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In celestial mechanics, true anomaly is an angular parameter that defines the position of a body moving along a Keplerian orbit. It is the angle between the direction of periapsis and the current position of the body, as seen from the main focus of the ellipse (the point around which the object orbits).
From state vectors
For elliptic orbits, the true anomaly ν can be calculated from orbital state vectors as:
- (if r ⋅ v < 0 then replace ν by 2π − ν)
- v is the orbital velocity vector of the orbiting body,
- e is the eccentricity vector,
- r is the orbital position vector (segment FP in the figure) of the orbiting body.
- (if rz < 0 then replace u by 2π − u)
- n is a vector pointing towards the ascending node (i.e. the z-component of n is zero).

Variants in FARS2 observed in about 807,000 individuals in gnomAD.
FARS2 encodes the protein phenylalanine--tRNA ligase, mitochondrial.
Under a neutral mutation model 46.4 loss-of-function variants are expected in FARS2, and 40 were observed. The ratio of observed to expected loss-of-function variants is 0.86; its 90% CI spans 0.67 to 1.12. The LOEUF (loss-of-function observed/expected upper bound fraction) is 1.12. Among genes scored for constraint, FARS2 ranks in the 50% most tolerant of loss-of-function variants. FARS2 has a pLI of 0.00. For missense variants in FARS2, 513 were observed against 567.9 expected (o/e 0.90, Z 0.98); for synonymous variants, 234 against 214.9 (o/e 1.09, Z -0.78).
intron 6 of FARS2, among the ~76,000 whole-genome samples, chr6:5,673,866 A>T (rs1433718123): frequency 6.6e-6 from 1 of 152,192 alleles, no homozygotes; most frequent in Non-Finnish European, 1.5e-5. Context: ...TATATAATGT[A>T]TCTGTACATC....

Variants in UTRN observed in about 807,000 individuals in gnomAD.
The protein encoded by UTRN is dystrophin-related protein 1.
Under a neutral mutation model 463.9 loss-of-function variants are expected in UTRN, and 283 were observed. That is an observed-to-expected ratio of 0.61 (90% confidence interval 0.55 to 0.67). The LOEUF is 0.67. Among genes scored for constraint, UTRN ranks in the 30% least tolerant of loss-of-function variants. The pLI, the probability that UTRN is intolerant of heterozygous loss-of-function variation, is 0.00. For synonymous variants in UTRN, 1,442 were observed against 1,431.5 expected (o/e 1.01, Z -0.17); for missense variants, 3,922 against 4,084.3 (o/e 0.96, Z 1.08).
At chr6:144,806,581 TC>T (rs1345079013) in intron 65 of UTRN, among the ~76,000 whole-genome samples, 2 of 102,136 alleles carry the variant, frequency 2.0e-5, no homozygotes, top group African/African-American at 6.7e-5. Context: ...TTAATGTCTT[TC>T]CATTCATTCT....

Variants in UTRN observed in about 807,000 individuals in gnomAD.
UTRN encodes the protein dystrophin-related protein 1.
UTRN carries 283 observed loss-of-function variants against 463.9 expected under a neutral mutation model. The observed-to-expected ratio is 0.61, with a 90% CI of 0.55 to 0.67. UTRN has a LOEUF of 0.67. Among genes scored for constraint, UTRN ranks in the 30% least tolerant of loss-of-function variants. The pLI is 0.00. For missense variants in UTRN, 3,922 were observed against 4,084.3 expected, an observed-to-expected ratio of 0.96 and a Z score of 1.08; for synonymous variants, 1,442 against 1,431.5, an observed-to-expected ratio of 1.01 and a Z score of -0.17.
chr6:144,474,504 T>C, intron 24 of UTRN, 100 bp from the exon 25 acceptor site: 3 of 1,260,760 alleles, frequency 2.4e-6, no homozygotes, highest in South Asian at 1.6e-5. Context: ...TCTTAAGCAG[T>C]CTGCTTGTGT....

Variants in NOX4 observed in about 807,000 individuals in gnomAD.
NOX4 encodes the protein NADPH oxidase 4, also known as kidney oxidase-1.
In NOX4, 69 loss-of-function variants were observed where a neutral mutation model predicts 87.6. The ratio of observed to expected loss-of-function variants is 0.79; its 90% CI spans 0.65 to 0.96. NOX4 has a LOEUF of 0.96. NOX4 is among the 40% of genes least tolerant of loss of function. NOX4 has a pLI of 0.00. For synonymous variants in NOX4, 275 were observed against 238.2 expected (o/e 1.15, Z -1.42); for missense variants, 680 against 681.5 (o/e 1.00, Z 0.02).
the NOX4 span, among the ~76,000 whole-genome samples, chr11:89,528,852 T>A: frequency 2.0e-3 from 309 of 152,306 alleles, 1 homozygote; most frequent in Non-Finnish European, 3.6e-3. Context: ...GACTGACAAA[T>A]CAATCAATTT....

- rz is the z-component of the orbital position vector r
Circular orbit with zero inclination
- (if vx > 0 then replace l by 2π − l)
- rx is the x-component of the orbital position vector r
- vx is the x-component of the orbital velocity vector v.
From the eccentric anomaly
The relation between the true anomaly ν and the eccentric anomaly E is:
An equivalent form avoids the singularity as e → 1 , however it does not produce the correct value for :
or, with the same problem as e → 1 ,
In both of the above, the function arg(x, y) is the polar argument of the vector (x, y), available in many programming languages as the library function named atan2(y,x) (note the reversed order of x and y).
From the mean anomaly
where the "big-O" notation means that the omitted terms are all of order e4.
The expression is known as the Equation of the center.
Radius from true anomaly
The radius (distance from the focus of attraction and the orbiting body) is related to the true anomaly by the formula
where a is the orbit's semi-major axis.
- Murray, C. D. & Dermott, S. F., 1999, Solar System Dynamics, Cambridge University Press, Cambridge. ISBN 0-521-57597-4
- Plummer, H. C., 1960, An Introductory Treatise on Dynamical Astronomy, Dover Publications, New York. OCLC 1311887 (Reprint of the 1918 Cambridge University Press edition.)